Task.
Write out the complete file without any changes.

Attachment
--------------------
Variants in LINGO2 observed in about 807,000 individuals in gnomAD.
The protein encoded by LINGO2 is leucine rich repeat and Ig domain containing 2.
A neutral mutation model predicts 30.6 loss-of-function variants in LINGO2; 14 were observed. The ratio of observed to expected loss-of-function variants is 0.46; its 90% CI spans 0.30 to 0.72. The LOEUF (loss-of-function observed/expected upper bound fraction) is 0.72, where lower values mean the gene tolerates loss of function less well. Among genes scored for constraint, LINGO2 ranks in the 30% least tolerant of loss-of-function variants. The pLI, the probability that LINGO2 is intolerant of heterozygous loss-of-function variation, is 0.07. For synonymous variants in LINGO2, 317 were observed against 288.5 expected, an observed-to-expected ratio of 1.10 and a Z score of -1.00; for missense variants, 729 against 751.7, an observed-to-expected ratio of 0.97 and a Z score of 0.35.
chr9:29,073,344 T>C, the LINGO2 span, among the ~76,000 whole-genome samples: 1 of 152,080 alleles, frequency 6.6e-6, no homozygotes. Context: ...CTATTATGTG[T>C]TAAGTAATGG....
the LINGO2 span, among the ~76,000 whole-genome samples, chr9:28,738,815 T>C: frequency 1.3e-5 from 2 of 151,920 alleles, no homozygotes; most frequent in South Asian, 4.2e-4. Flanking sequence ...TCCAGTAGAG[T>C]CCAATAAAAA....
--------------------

Variants in LINGO2 observed in about 807,000 individuals in gnomAD.
The protein encoded by LINGO2 is leucine rich repeat and Ig domain containing 2.
A neutral mutation model predicts 30.6 loss-of-function variants in LINGO2; 14 were observed. The ratio of observed to expected loss-of-function variants is 0.46; its 90% CI spans 0.30 to 0.72. The LOEUF (loss-of-function observed/expected upper bound fraction) is 0.72, where lower values mean the gene tolerates loss of function less well. Among genes scored for constraint, LINGO2 ranks in the 30% least tolerant of loss-of-function variants. The pLI, the probability that LINGO2 is intolerant of heterozygous loss-of-function variation, is 0.07. For synonymous variants in LINGO2, 317 were observed against 288.5 expected, an observed-to-expected ratio of 1.10 and a Z score of -1.00; for missense variants, 729 against 751.7, an observed-to-expected ratio of 0.97 and a Z score of 0.35.
chr9:29,073,344 T>C, the LINGO2 span, among the ~76,000 whole-genome samples: 1 of 152,080 alleles, frequency 6.6e-6, no homozygotes. Context: ...CTATTATGTG[T>C]TAAGTAATGG....
the LINGO2 span, among the ~76,000 whole-genome samples, chr9:28,738,815 T>C: frequency 1.3e-5 from 2 of 151,920 alleles, no homozygotes; most frequent in South Asian, 4.2e-4. Flanking sequence ...TCCAGTAGAG[T>C]CCAATAAAAA....